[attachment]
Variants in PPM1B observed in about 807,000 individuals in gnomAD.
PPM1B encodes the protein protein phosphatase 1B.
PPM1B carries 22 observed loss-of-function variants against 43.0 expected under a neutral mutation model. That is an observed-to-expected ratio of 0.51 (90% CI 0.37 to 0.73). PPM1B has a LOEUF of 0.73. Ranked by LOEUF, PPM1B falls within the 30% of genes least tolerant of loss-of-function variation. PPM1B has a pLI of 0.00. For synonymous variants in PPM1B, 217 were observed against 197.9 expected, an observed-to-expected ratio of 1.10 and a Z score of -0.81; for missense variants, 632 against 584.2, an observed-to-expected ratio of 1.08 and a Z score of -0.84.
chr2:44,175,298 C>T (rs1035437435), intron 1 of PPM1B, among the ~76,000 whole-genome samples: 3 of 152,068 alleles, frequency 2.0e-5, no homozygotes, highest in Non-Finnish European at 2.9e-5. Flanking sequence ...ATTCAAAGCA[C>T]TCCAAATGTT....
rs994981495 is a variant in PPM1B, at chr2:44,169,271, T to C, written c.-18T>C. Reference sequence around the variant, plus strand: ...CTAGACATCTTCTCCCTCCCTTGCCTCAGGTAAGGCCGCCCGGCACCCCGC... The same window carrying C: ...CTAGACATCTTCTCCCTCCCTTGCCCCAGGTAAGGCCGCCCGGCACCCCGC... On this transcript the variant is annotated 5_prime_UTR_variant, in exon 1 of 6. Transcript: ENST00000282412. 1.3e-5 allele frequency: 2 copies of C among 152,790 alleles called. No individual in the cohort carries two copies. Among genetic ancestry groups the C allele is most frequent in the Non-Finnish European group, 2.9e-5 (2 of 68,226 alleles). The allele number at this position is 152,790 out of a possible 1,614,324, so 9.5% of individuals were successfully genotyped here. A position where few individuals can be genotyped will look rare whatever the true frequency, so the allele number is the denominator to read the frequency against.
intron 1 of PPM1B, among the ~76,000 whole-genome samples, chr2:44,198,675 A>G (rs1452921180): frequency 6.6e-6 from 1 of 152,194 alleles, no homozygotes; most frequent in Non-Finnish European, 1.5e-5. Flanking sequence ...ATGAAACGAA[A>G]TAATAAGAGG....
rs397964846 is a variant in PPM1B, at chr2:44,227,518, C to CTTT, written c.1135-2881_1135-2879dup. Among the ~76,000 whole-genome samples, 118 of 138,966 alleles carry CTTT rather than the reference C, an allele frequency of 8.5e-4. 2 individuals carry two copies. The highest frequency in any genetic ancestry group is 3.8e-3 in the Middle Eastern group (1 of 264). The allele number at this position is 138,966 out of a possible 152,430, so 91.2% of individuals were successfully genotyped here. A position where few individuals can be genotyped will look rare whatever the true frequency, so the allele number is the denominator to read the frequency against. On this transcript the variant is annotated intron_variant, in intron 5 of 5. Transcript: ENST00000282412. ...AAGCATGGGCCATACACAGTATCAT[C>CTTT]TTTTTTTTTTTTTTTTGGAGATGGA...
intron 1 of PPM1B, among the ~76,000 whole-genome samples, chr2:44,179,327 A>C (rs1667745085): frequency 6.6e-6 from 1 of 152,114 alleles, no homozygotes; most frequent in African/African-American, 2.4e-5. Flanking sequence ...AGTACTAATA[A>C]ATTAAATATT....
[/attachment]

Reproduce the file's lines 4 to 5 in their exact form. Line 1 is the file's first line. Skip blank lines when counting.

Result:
chr2:44,175,298 C>T (rs1035437435), intron 1 of PPM1B, among the ~76,000 whole-genome samples: 3 of 152,068 alleles, frequency 2.0e-5, no homozygotes, highest in Non-Finnish European at 2.9e-5. Flanking sequence ...ATTCAAAGCA[C>T]TCCAAATGTT....
rs994981495 is a variant in PPM1B, at chr2:44,169,271, T to C, written c.-18T>C. Reference sequence around the variant, plus strand: ...CTAGACATCTTCTCCCTCCCTTGCCTCAGGTAAGGCCGCCCGGCACCCCGC... The same window carrying C: ...CTAGACATCTTCTCCCTCCCTTGCCCCAGGTAAGGCCGCCCGGCACCCCGC... On this transcript the variant is annotated 5_prime_UTR_variant, in exon 1 of 6. Transcript: ENST00000282412. 1.3e-5 allele frequency: 2 copies of C among 152,790 alleles called. No individual in the cohort carries two copies. Among genetic ancestry groups the C allele is most frequent in the Non-Finnish European group, 2.9e-5 (2 of 68,226 alleles). The allele number at this position is 152,790 out of a possible 1,614,324, so 9.5% of individuals were successfully genotyped here. A position where few individuals can be genotyped will look rare whatever the true frequency, so the allele number is the denominator to read the frequency against.